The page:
Geo-Joint: The Rainmaker

Rainmaker

A hundred years ago those familiar drought conditions were plaguing San Diego. In 1915, San Diego was a small but growing city and its water needs were also growing. The rainfall records of that year don’t indicate severe drought conditions, and in fact by year’s end there was even more rain than average. But the city fathers were concerned about future needs and were looking for ways to increase the amount of stored water.

Geo-Joint: Lake Mead’s Third Straw

Lake Mead

The project was informally called The Third Straw. All it took was drilling a 24-foot diameter tunnel through three miles of rock underneath the bottom of Lake Mead. Piece of cake. It did, however, take three years to eat it. The hydraulics of this scheme are, of course, complex, but they went more or less as follows.

Geo-Joint: Chernobyl and the Red Forest

Red Forest

There are residents of the exclusion zone who never left. Those would be the plants and animals whose ancestors had lived there for thousands of years and didn’t get the memo that the place was now glowing with radiation.

Geo-Joint: British Palm Trees

British Palm Trees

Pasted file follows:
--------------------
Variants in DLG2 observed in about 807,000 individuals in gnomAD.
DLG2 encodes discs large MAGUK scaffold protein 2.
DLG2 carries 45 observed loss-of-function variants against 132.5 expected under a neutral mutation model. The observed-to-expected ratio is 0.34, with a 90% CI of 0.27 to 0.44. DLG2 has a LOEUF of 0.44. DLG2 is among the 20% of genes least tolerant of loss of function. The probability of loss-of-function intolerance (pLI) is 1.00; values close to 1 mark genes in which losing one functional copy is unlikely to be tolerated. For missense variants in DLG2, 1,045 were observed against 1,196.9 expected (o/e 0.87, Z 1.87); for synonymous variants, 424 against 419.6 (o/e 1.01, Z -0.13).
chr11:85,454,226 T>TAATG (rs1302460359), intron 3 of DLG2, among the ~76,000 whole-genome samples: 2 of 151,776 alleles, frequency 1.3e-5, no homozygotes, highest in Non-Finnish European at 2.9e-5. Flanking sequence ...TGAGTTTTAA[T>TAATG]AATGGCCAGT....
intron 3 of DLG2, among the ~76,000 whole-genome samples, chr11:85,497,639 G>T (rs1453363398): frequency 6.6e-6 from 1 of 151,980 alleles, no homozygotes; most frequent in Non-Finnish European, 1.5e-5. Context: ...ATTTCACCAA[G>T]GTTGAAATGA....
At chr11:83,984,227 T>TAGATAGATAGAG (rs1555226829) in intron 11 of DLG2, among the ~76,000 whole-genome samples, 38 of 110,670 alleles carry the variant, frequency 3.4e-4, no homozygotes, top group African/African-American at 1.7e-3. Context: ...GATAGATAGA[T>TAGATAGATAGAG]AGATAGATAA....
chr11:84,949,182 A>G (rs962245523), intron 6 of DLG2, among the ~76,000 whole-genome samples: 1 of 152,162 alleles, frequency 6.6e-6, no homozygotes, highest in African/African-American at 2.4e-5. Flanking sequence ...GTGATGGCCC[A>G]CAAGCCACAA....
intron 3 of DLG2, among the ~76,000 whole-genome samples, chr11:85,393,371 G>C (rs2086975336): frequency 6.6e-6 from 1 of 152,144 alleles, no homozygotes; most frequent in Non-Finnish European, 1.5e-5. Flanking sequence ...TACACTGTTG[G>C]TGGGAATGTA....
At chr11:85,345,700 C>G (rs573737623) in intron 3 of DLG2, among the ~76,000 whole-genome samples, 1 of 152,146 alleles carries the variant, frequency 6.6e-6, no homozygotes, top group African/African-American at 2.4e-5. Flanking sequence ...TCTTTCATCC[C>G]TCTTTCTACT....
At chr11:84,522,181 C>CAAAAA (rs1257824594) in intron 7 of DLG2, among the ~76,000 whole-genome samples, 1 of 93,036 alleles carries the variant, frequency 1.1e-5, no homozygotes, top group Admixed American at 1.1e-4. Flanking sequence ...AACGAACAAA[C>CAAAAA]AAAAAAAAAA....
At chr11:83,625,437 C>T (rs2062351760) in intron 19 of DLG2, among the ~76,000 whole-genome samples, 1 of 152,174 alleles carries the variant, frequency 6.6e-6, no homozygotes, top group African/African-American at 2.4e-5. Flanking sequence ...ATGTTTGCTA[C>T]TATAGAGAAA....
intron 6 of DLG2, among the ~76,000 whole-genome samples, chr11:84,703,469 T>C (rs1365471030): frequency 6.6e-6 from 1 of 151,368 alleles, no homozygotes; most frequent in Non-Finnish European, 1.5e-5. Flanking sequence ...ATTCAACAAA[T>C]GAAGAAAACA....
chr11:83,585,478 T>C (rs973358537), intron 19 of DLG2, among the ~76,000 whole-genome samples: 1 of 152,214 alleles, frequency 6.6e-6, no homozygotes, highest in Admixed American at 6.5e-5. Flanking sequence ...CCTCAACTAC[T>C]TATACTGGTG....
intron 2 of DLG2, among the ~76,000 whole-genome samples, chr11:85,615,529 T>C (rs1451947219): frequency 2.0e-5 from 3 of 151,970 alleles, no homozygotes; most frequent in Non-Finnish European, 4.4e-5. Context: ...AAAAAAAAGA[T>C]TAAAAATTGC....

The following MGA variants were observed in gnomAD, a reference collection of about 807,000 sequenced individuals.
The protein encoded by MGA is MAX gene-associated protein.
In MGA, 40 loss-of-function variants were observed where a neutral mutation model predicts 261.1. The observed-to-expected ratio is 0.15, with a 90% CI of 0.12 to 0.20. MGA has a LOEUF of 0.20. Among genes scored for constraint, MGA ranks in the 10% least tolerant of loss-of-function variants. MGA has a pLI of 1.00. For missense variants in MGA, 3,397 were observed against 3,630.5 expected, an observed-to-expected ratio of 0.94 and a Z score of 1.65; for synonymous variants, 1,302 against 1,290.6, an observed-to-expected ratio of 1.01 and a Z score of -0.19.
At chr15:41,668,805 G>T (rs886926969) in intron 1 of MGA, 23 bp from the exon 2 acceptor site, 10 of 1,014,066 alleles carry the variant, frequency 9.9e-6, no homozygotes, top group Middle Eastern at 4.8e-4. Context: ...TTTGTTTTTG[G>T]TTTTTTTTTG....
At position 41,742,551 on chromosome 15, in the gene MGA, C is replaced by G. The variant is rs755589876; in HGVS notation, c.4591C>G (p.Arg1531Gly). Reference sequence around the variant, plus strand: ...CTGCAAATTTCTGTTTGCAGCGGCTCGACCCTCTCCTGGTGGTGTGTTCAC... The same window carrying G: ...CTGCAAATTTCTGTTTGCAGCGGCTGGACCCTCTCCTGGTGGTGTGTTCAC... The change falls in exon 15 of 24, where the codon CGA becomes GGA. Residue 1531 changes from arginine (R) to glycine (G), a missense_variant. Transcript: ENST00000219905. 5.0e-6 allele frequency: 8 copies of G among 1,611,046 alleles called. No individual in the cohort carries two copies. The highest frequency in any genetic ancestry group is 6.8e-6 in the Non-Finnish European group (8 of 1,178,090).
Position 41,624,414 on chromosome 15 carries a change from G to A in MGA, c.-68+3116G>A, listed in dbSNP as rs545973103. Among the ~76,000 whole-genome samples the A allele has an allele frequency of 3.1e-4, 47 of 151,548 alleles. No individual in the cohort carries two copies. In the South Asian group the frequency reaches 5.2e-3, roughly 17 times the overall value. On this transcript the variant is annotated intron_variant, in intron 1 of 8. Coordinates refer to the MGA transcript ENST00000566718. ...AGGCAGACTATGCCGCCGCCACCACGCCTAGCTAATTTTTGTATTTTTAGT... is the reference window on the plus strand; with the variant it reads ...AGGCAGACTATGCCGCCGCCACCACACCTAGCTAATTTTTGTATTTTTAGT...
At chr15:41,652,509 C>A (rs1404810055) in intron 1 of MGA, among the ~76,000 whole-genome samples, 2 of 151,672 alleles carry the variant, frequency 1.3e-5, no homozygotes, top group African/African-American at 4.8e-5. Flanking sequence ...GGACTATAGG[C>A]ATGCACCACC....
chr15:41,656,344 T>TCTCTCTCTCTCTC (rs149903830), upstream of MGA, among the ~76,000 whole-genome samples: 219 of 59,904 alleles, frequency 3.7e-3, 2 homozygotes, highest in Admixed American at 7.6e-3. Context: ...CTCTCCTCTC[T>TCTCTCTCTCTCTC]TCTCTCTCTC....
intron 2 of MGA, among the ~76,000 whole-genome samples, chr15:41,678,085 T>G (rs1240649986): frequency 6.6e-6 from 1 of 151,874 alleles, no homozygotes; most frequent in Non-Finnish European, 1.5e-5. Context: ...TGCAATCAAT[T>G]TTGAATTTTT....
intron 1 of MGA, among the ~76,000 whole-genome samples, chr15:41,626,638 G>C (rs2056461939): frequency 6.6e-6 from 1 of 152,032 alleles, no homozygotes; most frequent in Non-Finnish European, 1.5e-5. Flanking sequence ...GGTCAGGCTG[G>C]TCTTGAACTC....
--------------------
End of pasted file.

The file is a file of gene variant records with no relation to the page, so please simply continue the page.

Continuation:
There really is a place no more than 28 miles off the coast of Great Britain where not only do palm trees grow, but actual white sandy beaches and azure waters do a pretty fair imitation of the Caribbean tableau.

Geo-Joint: The Least Dense

Least Dense

Which country has the least population density? The answer to this question turned into a muddy mess of questionable statistics and bad math.

Geo-Joint: Cave Art

Cave Art

Lascaux cave was open to the public for 15 years before it became apparent that the body heat and mere breath of visitors was causing chemical reactions with the pigments of the drawings.

Geo-Joint: 100 Places to See Before You Die

100 Places to See

A lot of people have contemplated that question and more than a few have whittled the number of key destinations down to their list of “100 places to see before you die.”

Geo-Joint: Mustard

Mustard

Mustard comes in a variety of species which hybridize, so there are a lot of different kinds of the plant out there. One of the most common along the coast is Brassica nigra, or black mustard, which grows quite tall and is the stuff you probably see the most of as you (locals) drive up the Gaviota Coast.

Geo-Joint: A World of Stability

stable environment

The earth has been around for something like 4.5 billion years, and life has been dated back to around 3.8 billion years. In all that time, one thing has been constant—change.